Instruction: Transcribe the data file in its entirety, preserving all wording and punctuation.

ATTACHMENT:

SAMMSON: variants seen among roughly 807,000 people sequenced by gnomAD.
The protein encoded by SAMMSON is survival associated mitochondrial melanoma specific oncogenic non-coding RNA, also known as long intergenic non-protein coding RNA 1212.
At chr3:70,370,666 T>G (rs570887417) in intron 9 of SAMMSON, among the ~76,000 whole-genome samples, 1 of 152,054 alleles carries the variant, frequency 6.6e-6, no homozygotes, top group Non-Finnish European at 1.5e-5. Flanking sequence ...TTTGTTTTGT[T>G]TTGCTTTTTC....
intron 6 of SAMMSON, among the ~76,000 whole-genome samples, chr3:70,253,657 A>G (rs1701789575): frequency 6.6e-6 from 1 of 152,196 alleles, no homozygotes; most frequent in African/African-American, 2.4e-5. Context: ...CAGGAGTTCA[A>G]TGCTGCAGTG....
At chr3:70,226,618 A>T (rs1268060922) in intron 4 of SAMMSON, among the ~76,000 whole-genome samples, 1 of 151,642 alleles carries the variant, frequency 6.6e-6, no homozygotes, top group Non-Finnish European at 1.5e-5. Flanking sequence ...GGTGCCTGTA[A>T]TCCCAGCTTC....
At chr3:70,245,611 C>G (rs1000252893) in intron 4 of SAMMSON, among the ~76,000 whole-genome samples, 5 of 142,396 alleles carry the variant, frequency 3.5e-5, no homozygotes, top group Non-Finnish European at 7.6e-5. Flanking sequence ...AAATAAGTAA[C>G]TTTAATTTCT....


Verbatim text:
SAMMSON: variants seen among roughly 807,000 people sequenced by gnomAD.
The protein encoded by SAMMSON is survival associated mitochondrial melanoma specific oncogenic non-coding RNA, also known as long intergenic non-protein coding RNA 1212.
At chr3:70,370,666 T>G (rs570887417) in intron 9 of SAMMSON, among the ~76,000 whole-genome samples, 1 of 152,054 alleles carries the variant, frequency 6.6e-6, no homozygotes, top group Non-Finnish European at 1.5e-5. Flanking sequence ...TTTGTTTTGT[T>G]TTGCTTTTTC....
intron 6 of SAMMSON, among the ~76,000 whole-genome samples, chr3:70,253,657 A>G (rs1701789575): frequency 6.6e-6 from 1 of 152,196 alleles, no homozygotes; most frequent in African/African-American, 2.4e-5. Context: ...CAGGAGTTCA[A>G]TGCTGCAGTG....
At chr3:70,226,618 A>T (rs1268060922) in intron 4 of SAMMSON, among the ~76,000 whole-genome samples, 1 of 151,642 alleles carries the variant, frequency 6.6e-6, no homozygotes, top group Non-Finnish European at 1.5e-5. Flanking sequence ...GGTGCCTGTA[A>T]TCCCAGCTTC....
At chr3:70,245,611 C>G (rs1000252893) in intron 4 of SAMMSON, among the ~76,000 whole-genome samples, 5 of 142,396 alleles carry the variant, frequency 3.5e-5, no homozygotes, top group Non-Finnish European at 7.6e-5. Flanking sequence ...AAATAAGTAA[C>G]TTTAATTTCT....